lost in the translation 
by l. ostin & thetra n. s. lations
lost in the translation
maybe we can find
the things that we believe are just a figment of the mind
the things that we believe are just another in-car-nation
maybe we can find (in time), we:
lost in the translation
· in the dead sea scrolls (1996) by wise, abegg & cook, a detailed description is given as to the process of biblical scholarship.
- even in present day, there is very little funding, and the work is as much an art as a science.
- “…it requires inspiration, intuition, and clamp-jawed determination.”
- bits of writings are retrieved from damaged scrolls – which are (literally?) inked etchings on animal skins.
- the damage results in ‘partial’ (pieces) of legible words and phrases, which the scholar attempts to transcribe – by ‘imagining’ what would have been written there.
- the transcription, of course, must then be translated from languages like greek, hebrew or aramaic, into (in the case of the dead sea scrolls,) english.
· while transcription admits to a large degree of uncertainty, this is what the authors have to say about ‘translations’ on pages 41-43:
- early ‘editors’ were overwhelmed by large volumes of material, gathered over the course of lifetimes – resulting in limited reconstruction.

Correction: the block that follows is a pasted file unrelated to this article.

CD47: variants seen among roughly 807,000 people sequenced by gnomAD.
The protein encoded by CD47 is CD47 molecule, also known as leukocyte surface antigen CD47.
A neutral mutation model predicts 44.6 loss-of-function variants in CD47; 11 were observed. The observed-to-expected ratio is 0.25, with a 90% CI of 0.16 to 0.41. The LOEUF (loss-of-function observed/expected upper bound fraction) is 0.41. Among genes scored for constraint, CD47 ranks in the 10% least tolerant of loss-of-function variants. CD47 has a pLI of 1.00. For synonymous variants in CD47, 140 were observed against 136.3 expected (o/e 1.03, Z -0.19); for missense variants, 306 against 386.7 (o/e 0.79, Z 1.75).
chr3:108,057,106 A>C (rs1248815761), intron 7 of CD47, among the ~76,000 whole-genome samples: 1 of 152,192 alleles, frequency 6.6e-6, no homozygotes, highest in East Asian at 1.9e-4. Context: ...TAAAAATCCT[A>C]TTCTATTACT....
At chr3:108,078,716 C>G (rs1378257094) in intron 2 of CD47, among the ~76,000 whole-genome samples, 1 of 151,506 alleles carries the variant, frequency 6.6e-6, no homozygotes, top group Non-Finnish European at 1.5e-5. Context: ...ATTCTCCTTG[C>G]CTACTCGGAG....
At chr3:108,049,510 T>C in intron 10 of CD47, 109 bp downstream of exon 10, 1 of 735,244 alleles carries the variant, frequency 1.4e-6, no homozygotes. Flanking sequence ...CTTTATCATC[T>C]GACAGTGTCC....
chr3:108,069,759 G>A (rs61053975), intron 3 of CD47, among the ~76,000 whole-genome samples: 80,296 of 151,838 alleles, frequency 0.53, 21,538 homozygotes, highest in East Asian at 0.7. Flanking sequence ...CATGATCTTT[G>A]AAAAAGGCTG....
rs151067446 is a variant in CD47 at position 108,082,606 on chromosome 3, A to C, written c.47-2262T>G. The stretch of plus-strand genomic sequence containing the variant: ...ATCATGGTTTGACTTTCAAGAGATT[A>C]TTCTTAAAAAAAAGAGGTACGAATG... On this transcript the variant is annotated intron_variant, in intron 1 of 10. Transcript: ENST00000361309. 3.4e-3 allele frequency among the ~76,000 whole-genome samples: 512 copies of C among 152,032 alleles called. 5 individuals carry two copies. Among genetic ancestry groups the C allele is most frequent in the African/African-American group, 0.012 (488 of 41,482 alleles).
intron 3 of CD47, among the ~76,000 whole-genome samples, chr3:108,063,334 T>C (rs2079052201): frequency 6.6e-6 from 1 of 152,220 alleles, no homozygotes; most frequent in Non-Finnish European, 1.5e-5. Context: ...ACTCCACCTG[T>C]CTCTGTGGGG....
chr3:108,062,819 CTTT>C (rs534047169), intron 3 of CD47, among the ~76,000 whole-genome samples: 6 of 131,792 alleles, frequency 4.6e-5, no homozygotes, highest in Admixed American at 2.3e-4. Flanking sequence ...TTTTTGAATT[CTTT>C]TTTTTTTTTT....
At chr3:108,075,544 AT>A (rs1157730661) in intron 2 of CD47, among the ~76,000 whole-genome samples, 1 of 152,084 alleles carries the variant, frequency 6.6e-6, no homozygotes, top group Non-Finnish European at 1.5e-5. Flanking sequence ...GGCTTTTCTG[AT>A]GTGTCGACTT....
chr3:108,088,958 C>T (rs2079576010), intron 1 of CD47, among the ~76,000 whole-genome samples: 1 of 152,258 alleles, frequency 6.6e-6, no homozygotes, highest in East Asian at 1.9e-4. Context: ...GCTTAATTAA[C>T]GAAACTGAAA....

- “there is no single translation equivalent for many words, not to speak of phrases or entire texts.” the authors use an example: the english phrase “bend over backward” -- as one that cannot be translated into german, italian or french.
- “traduttore traditore.” means “the translator is a traitor.”
- “translators betray both what they translate and the readers of the translation. by their very effort they violate the original.”
- you knew this, but “exact translation between two languages is impossible.”
- the authors stress: “to truly read goethe, you must learn german.”
deduction: if we read our holy books (in english), we are reading editions of flawed translations of incomplete transcriptions written by multiple (unknown) authors, often centuries after being passed down by word-of-mouth.
we do not know who told the stories, or who influenced the telling of the stories. we don’t know the authors or the editors (or who influenced the authors & editors – except in cases like the ‘king james version’).
…so now we’ve got editions of a ‘version’ of flawed translations of incomplete transcriptions, based upon word-of-mouth stories… passed-on over generations... prior to being written-down, and then, centuries later, ‘composed’ (which means that some information was selected, while some was rejected).
“taking it literally” may (literally?) not even be possible.